In response to the point made by the noble Baroness, Lady Wheatcroft, about the costs and impacts—also raised by the noble Baroness, Lady Bowles—the purpose of the instrument is to incorporate the changes to the regulatory system into the existing SPC framework so that businesses will not have to do anything significantly different. They will file the same forms, pay the same fees and engage with the same authorities as at present. The only significant new element of the process would be the need to inform the IPO about any additional authorisations. The administrative and information requirements will be similar to existing processes and the numbers small, so the need for familiarisation will be limited.
Although the SPC system is linked to the regulatory regime, the direct effect of this SI does not cover any impacts or changes to the regulatory system itself. The changes to the SPC system are required to take account of all marketing authorisations that will be valid in the UK when the protocol takes effect.
The noble Lord, Lord Stevenson, raised what I think is a very valid point—this is a particularly complicated SI, and I confess that he is not alone in finding the drafting quite tricky to follow at times. But this is a complex area of IP law, and all the provisions are indeed necessary. This complexity was part of the reason behind the material placed in the House Library. The IPO will ensure that an informal consolidation of the legislation is available so that businesses can see, in one place, the legislation as it will operate, and I would be happy to place a copy of that in the House Library as well.
My noble friend Lord Lansley asked about the importance of SPCs in helping to keep the UK competitive—I completely agree with him on that. There are a number of factors which business should consider when deciding when to launch medicines in particular territories. R&D pharmaceutical companies are very clear that a strong intellectual property regime is vital to their business models, as this helps recoup their large up-front investment costs. The SPC regime is an important part of the UK IPO regime for these companies.
My noble friend also asked about our participation in the Unified Patent Court. In view of its withdrawal from the European Union, the UK no longer wishes to be a party to the Unified Patent Court system. Participating in a court that applies EU law and is bound by the CJEU would be inconsistent with the Government’s aim of becoming an independent, self-governing nation.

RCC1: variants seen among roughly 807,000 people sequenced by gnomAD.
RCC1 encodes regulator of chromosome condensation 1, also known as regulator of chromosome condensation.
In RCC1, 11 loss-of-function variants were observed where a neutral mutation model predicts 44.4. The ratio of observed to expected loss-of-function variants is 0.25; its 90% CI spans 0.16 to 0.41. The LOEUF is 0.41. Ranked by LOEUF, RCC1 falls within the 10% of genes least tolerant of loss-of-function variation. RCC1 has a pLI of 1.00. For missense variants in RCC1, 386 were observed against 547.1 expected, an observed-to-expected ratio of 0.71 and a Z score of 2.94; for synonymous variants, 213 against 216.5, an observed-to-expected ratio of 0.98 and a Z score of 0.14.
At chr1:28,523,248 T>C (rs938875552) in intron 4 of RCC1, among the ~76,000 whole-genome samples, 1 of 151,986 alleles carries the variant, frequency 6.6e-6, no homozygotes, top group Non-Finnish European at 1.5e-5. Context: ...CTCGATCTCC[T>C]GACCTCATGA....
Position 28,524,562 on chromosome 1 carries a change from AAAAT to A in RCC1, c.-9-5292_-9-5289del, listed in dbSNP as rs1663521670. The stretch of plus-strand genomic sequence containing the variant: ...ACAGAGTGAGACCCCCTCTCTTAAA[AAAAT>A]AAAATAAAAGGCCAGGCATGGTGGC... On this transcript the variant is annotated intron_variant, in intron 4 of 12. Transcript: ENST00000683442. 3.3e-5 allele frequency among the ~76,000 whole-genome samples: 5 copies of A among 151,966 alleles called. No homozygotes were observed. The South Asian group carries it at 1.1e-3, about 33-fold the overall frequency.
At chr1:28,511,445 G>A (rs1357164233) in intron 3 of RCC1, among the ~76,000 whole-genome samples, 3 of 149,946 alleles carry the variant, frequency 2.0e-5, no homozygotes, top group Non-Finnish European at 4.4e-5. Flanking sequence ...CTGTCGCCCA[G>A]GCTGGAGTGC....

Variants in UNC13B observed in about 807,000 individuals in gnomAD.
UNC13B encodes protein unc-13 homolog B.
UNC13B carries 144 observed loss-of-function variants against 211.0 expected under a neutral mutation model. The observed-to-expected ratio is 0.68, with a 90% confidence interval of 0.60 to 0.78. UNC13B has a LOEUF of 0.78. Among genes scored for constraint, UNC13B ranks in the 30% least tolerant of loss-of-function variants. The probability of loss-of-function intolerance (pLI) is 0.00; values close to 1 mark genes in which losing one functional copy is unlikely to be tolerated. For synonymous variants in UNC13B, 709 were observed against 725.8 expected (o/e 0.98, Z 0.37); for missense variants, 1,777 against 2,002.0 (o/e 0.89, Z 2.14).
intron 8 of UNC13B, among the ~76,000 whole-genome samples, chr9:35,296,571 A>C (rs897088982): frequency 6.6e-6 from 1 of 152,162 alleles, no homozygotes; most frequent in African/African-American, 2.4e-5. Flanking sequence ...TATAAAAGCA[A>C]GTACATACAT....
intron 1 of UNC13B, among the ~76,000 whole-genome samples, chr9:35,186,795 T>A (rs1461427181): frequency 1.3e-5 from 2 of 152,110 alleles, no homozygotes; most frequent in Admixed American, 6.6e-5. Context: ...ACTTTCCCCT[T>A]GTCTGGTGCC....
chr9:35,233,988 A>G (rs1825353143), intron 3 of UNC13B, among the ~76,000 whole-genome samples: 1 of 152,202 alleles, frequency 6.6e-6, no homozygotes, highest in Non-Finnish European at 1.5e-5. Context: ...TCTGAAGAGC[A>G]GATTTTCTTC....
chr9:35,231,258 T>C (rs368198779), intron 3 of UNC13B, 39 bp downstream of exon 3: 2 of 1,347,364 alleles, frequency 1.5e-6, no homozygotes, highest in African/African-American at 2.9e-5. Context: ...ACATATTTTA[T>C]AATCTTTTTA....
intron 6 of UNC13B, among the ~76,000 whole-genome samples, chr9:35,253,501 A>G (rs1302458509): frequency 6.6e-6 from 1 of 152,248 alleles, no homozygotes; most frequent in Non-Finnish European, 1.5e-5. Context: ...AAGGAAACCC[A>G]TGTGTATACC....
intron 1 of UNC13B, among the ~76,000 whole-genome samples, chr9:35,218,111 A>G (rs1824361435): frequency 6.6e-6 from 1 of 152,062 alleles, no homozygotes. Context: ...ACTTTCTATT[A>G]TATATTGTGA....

My noble friend also referred to the recently completed EU legal and economic analysis of the SPC system. These reports were comprehensive and looked at many different aspects of the existing SPC regulations. The implications of their conclusions are still being considered. It is important to consider the SPC regulations and other forms of IP protection holistically, so that amendments in one area do not have unforeseen consequences in another. Any future changes to the system would be carefully considered in light of evidence as to their potential impacts on the UK market.
My noble friend also asked about the recognition of UK SPCs in the EU. As he will be aware, SPCs are currently a national right and are granted separately in each member state. He also asked about the Bolar exemption; this was added, as I am sure he is aware, to the Patents Act in 2005. In 2014 we introduced a new exemption by way of a legislative reform order. The two exceptions are of similar scope but have different purposes. The Bolar exemption specifically relates to abridged authorisation processes, while the LRO exception ensures that clinical trial work is fully protected by the exception on experimental use of a patented product. It is therefore possible that some activities may fall within one exception but not the other, so it is important that both continue to function effectively.
My noble friend Lord Lansley and the noble Baronesses, Lady Wheatcroft and Lady Bowles, raised the paediatric extension. This is a six-month extension of SPC protection for a medicine which has been tested for use in children. The protocol does not require EU law covering this to apply in Northern Ireland. The paediatric extension will instead be provided in UK law with conditions set by the Human Medicines Regulations. These will apply whether the medicine has been approved under EU or UK law. The paediatric extension will provide protection only in the territory in which the SPC does. Equally, if the conditions are met in only part of the territory protected by the SPC, it will provide protection in that territory.